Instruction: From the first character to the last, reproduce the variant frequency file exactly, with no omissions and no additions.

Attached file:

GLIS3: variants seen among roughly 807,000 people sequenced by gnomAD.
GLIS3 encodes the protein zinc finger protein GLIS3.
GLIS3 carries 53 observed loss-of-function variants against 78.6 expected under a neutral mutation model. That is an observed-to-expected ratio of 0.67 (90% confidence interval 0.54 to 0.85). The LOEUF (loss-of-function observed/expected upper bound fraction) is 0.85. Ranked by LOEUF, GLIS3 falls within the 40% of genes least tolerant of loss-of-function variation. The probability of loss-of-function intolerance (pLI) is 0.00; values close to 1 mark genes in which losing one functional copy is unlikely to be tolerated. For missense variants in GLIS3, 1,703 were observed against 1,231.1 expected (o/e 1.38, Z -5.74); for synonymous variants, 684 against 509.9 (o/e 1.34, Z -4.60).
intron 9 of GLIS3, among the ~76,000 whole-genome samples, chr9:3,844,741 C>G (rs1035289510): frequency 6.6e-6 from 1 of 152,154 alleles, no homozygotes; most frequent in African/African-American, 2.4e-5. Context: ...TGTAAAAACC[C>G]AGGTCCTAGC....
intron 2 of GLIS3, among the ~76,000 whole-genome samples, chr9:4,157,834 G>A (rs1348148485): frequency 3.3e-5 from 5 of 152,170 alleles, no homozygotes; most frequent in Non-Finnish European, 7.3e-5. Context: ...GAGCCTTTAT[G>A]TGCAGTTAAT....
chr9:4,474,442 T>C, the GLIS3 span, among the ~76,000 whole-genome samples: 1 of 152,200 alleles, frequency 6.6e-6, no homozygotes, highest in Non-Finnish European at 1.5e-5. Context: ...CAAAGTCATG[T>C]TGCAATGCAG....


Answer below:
GLIS3: variants seen among roughly 807,000 people sequenced by gnomAD.
GLIS3 encodes the protein zinc finger protein GLIS3.
GLIS3 carries 53 observed loss-of-function variants against 78.6 expected under a neutral mutation model. That is an observed-to-expected ratio of 0.67 (90% confidence interval 0.54 to 0.85). The LOEUF (loss-of-function observed/expected upper bound fraction) is 0.85. Ranked by LOEUF, GLIS3 falls within the 40% of genes least tolerant of loss-of-function variation. The probability of loss-of-function intolerance (pLI) is 0.00; values close to 1 mark genes in which losing one functional copy is unlikely to be tolerated. For missense variants in GLIS3, 1,703 were observed against 1,231.1 expected (o/e 1.38, Z -5.74); for synonymous variants, 684 against 509.9 (o/e 1.34, Z -4.60).
intron 9 of GLIS3, among the ~76,000 whole-genome samples, chr9:3,844,741 C>G (rs1035289510): frequency 6.6e-6 from 1 of 152,154 alleles, no homozygotes; most frequent in African/African-American, 2.4e-5. Context: ...TGTAAAAACC[C>G]AGGTCCTAGC....
intron 2 of GLIS3, among the ~76,000 whole-genome samples, chr9:4,157,834 G>A (rs1348148485): frequency 3.3e-5 from 5 of 152,170 alleles, no homozygotes; most frequent in Non-Finnish European, 7.3e-5. Context: ...GAGCCTTTAT[G>A]TGCAGTTAAT....
chr9:4,474,442 T>C, the GLIS3 span, among the ~76,000 whole-genome samples: 1 of 152,200 alleles, frequency 6.6e-6, no homozygotes, highest in Non-Finnish European at 1.5e-5. Context: ...CAAAGTCATG[T>C]TGCAATGCAG....